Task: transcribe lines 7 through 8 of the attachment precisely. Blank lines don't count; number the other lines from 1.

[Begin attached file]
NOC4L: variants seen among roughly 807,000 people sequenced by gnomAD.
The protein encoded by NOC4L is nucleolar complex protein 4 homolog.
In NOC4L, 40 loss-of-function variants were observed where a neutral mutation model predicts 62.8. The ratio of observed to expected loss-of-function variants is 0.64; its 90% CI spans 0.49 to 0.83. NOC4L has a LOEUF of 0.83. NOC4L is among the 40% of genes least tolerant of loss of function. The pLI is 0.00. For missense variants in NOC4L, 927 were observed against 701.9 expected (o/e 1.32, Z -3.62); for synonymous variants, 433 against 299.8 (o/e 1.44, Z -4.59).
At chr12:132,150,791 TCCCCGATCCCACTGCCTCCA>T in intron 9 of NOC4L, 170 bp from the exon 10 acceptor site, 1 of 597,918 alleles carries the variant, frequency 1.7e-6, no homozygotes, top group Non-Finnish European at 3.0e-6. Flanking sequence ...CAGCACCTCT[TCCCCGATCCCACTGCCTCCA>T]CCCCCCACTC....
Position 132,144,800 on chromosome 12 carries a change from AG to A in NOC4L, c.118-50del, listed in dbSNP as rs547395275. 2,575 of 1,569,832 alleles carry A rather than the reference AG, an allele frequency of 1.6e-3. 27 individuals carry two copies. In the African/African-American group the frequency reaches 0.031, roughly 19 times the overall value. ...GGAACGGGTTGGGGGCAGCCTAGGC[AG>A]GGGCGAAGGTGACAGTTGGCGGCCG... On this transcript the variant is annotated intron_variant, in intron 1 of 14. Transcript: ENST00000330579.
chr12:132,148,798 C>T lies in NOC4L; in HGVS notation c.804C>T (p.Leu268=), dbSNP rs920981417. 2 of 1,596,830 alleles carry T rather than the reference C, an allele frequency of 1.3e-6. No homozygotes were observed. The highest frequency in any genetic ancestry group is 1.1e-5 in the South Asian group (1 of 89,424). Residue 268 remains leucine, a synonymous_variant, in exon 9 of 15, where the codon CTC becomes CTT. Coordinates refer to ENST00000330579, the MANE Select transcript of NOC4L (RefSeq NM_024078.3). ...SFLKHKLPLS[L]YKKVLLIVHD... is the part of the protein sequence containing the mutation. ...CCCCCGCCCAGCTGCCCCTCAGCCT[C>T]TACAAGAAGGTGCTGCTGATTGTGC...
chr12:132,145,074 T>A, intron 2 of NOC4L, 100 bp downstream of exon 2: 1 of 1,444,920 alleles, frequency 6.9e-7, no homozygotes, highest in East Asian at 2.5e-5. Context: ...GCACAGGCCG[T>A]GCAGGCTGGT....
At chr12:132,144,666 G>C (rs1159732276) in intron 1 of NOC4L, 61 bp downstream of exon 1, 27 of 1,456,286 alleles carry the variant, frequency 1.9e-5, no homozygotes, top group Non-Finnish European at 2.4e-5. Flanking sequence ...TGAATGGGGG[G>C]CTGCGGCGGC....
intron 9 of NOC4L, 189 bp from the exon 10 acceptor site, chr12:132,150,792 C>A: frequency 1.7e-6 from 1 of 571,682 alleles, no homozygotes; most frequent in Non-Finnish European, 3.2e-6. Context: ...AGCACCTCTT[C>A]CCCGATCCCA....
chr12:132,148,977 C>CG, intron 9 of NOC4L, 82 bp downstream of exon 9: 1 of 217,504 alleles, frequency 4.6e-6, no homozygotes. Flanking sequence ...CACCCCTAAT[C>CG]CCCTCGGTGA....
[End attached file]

chr12:132,145,074 T>A, intron 2 of NOC4L, 100 bp downstream of exon 2: 1 of 1,444,920 alleles, frequency 6.9e-7, no homozygotes, highest in East Asian at 2.5e-5. Context: ...GCACAGGCCG[T>A]GCAGGCTGGT....
At chr12:132,144,666 G>C (rs1159732276) in intron 1 of NOC4L, 61 bp downstream of exon 1, 27 of 1,456,286 alleles carry the variant, frequency 1.9e-5, no homozygotes, top group Non-Finnish European at 2.4e-5. Flanking sequence ...TGAATGGGGG[G>C]CTGCGGCGGC....